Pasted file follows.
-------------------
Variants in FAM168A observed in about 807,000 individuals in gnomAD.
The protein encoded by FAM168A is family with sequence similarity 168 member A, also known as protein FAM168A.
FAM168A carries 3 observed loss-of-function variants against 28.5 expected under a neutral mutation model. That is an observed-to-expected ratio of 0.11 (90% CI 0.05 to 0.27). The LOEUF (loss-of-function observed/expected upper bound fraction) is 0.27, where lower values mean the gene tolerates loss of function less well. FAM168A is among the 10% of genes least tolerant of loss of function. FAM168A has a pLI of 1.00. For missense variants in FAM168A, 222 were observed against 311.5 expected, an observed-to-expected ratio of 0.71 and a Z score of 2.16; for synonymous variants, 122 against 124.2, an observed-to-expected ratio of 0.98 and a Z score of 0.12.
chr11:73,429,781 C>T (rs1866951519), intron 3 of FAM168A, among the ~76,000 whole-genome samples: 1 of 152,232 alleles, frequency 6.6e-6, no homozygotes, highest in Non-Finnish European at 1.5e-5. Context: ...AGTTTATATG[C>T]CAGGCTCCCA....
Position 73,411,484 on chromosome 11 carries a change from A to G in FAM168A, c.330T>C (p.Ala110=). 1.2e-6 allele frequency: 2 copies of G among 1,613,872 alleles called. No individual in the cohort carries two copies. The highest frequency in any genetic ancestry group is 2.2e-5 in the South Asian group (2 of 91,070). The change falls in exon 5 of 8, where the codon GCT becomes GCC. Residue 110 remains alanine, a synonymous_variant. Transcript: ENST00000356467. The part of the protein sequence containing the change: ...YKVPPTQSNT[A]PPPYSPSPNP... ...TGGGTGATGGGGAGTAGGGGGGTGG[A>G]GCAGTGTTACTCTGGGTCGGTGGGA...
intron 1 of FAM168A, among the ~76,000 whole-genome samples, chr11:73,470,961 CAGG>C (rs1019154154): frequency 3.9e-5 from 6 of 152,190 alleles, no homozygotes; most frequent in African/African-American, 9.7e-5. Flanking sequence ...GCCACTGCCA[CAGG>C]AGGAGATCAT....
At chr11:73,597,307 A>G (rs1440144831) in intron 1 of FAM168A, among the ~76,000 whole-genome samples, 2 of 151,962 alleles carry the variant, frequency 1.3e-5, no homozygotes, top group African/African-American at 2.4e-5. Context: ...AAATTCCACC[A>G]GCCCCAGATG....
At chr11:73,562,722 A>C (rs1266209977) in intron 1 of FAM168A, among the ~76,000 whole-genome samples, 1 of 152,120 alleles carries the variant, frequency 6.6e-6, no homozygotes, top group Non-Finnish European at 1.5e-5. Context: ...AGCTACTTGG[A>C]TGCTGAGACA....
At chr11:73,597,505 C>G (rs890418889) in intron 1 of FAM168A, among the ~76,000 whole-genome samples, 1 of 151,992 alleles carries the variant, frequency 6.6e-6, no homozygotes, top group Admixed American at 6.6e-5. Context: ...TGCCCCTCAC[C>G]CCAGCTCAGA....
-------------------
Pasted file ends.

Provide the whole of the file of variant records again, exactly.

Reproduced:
Variants in FAM168A observed in about 807,000 individuals in gnomAD.
The protein encoded by FAM168A is family with sequence similarity 168 member A, also known as protein FAM168A.
FAM168A carries 3 observed loss-of-function variants against 28.5 expected under a neutral mutation model. That is an observed-to-expected ratio of 0.11 (90% CI 0.05 to 0.27). The LOEUF (loss-of-function observed/expected upper bound fraction) is 0.27, where lower values mean the gene tolerates loss of function less well. FAM168A is among the 10% of genes least tolerant of loss of function. FAM168A has a pLI of 1.00. For missense variants in FAM168A, 222 were observed against 311.5 expected, an observed-to-expected ratio of 0.71 and a Z score of 2.16; for synonymous variants, 122 against 124.2, an observed-to-expected ratio of 0.98 and a Z score of 0.12.
chr11:73,429,781 C>T (rs1866951519), intron 3 of FAM168A, among the ~76,000 whole-genome samples: 1 of 152,232 alleles, frequency 6.6e-6, no homozygotes, highest in Non-Finnish European at 1.5e-5. Context: ...AGTTTATATG[C>T]CAGGCTCCCA....
Position 73,411,484 on chromosome 11 carries a change from A to G in FAM168A, c.330T>C (p.Ala110=). 1.2e-6 allele frequency: 2 copies of G among 1,613,872 alleles called. No individual in the cohort carries two copies. The highest frequency in any genetic ancestry group is 2.2e-5 in the South Asian group (2 of 91,070). The change falls in exon 5 of 8, where the codon GCT becomes GCC. Residue 110 remains alanine, a synonymous_variant. Transcript: ENST00000356467. The part of the protein sequence containing the change: ...YKVPPTQSNT[A]PPPYSPSPNP... ...TGGGTGATGGGGAGTAGGGGGGTGG[A>G]GCAGTGTTACTCTGGGTCGGTGGGA...
intron 1 of FAM168A, among the ~76,000 whole-genome samples, chr11:73,470,961 CAGG>C (rs1019154154): frequency 3.9e-5 from 6 of 152,190 alleles, no homozygotes; most frequent in African/African-American, 9.7e-5. Flanking sequence ...GCCACTGCCA[CAGG>C]AGGAGATCAT....
At chr11:73,597,307 A>G (rs1440144831) in intron 1 of FAM168A, among the ~76,000 whole-genome samples, 2 of 151,962 alleles carry the variant, frequency 1.3e-5, no homozygotes, top group African/African-American at 2.4e-5. Context: ...AAATTCCACC[A>G]GCCCCAGATG....
At chr11:73,562,722 A>C (rs1266209977) in intron 1 of FAM168A, among the ~76,000 whole-genome samples, 1 of 152,120 alleles carries the variant, frequency 6.6e-6, no homozygotes, top group Non-Finnish European at 1.5e-5. Context: ...AGCTACTTGG[A>C]TGCTGAGACA....
At chr11:73,597,505 C>G (rs890418889) in intron 1 of FAM168A, among the ~76,000 whole-genome samples, 1 of 151,992 alleles carries the variant, frequency 6.6e-6, no homozygotes, top group Admixed American at 6.6e-5. Context: ...TGCCCCTCAC[C>G]CCAGCTCAGA....